Thursday, August 26, 2010

Where to stay in London: 5 things to look out for

One of the common questions that I get from those looking to move to London is where to stay in London. While I have attributed a section on this in my London Accommodation Guide, I thought I’ll touch upon five things that you should look out for when deciding where to stay in London.

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1. Crime

Let’s be honest, though I wouldn’t go so far as to say that London is crime capital of Europe, there are some pockets in the capital that has a higher incident of reported crimes as compared to the others. An acquaintance who shuttles between New York and London once observed that unlike New York where you know exactly where the dodgy areas are, it’s not quite clear in London – there seems to be a low level of petty crimes distributed throughout the capital.

The dispersion of low cost housing might be a contributing factor but it is by no means the only as one the area with the highest crimes reported is the Covent Garden, Westminster, Piccadilly Circus triangle, where we don’t really see any low cost housing. Then again, it might be that tourists are more inclined to report criminal activities.

Anyway, the London Metropolitan Police has a very user-friendly website that provides an overlay on where high crime level areas are. You could even toggle between different crime categories while you are at it.

2. Demographics

Some of us would like to stay where there is some level of cultural familiarity. This is especially so if you are new to the UK itself. Not only that, as Culture Shock: London pointed out, there is a trend of London’s supermarkets stocking their shelves according to the demographics of the area. For example, you’ll find pak choi (leafy vegetable frequently used in Chinese stir fry) in Islington Angel’s Tesco Metro but not the branch in Bank.

Also, if you are with a young child, staying in Hampstead Heath would be more desirable than in the City Square itself. Singles may prefer staying in Zone 1 where there are more nightspots and so on.

3. Schools

Some parents move into neighbourhoods so that their children can attend a particular school. Safely said, some neighbourhoods saw their property prices maintain despite the credit crunch simply because there are good schools nearby. I would recommend going for the Good Schools Guide as a starting point.

The Office for Standards in Education, Children's Services and Skills (Ofsted) provides very comprehensive reports on each registered childcare nursery and school. The reports even touch on the relationship between the management and the staff (you get the idea).A colleague read a damning report on a nursery where she has paid a hefty deposit for and she is now considering forgoing her deposit. If only she read the report earlier.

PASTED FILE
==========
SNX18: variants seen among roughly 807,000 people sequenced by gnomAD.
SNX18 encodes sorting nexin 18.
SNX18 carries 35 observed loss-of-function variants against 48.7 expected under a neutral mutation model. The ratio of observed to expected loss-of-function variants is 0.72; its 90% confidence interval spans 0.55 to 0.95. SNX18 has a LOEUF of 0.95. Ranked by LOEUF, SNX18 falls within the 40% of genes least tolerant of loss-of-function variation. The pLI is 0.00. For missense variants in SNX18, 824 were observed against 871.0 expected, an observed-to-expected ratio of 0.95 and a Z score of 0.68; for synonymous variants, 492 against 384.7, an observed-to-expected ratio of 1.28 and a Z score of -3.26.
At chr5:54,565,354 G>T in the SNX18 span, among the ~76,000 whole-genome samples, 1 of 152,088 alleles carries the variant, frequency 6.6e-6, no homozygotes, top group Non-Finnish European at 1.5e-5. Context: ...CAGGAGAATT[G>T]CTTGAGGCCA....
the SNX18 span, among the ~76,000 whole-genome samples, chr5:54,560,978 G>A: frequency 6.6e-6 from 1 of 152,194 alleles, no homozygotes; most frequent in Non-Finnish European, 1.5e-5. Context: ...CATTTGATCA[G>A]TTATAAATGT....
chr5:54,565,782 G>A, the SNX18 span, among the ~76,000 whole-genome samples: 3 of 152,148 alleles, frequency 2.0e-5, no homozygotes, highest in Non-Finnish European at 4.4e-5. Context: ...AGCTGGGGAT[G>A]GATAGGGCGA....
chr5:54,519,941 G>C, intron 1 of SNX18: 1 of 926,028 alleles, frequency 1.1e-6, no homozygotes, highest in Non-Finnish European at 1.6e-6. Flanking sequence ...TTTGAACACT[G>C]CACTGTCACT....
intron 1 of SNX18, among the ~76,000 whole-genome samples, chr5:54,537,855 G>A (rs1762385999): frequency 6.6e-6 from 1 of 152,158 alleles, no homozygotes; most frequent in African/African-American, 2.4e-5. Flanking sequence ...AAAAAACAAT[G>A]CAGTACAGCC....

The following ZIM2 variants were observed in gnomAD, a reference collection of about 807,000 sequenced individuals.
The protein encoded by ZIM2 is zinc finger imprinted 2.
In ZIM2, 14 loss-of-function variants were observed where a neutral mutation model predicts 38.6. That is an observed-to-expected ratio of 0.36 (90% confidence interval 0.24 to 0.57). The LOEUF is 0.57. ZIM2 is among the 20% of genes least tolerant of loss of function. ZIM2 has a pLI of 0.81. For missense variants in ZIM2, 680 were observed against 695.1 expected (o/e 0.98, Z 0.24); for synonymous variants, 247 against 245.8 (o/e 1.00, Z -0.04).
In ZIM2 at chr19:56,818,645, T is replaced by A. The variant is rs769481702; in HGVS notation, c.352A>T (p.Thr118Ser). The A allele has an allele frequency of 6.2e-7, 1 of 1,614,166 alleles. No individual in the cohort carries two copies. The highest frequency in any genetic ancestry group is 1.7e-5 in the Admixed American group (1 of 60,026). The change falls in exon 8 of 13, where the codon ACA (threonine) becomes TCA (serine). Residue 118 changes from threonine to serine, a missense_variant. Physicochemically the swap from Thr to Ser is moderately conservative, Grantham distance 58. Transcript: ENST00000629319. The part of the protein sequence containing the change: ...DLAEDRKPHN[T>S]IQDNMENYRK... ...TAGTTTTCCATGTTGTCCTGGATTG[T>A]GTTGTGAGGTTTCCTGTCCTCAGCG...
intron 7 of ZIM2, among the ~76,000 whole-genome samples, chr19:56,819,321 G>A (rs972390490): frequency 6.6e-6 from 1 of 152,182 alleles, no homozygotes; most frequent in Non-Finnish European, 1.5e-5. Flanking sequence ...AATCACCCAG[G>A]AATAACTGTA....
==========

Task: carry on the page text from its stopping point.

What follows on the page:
4. Budget

Most likely this will be the major factor on where you’ll eventually settle down. Naturally the rental costs depends not only on amenities and location but on size as well. As expected, the jump between studio to one bedroom and subsequently to two bedrooms isn’t as significant compared to the jump to three bedrooms and above.

For an independent indication of property rental prices, you can refer to London Property Watch. If you are looking to buy, look at Zoopla instead.

There is a growing trend of single Londoners looking to flatshare. Not a bad idea if you are looking to save up for a deposit for your first home or simply to have more spare cash each month. Pros: there'll be someone in the house and it's a great way to meet people. Cons: you might just be bunking with some weird characters. Gumtree is the place to go if you are going the flatshare route.

5. Distance to work

This is rather misleading. I have come to realise that most of the travelling time is wasted on the transport delays within central London itself. Ironically, if you are staying outside Zone 2, you might arrive to work earlier than the chap who stays in Zone 1 provided that you are close to a overland train station and transit through London Underground is not necessary.

Simply do a dry run during peak hours before signing on the dotted line. Alternatively, head to Transport for London to get an estimate of the travel time required. Just don’t forget to add the time required for you to get to the station itself.

Of course these factors aren’t exhaustive. In fact, London for Londoners gives a decent breakdown on the various London boroughs (or precinct if you prefer) detailing not only the pros and cons of staying in each area but also the average housing prices, household income, demographics and even the schools available.

Did I miss out anything? What would you consider when deciding where to stay in London?

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Emm said...

TFL is the first site I visit before I even go to see a new property. Then again, I have started taking the slow trains of a morning so that i can get some relaxing and reading time in!

C K said...

Other than TFL, I'll head to Google Map. That gives you an immediate picture of the surroundings. And I know what you mean. My daily DLR commute has become my 'personal time'!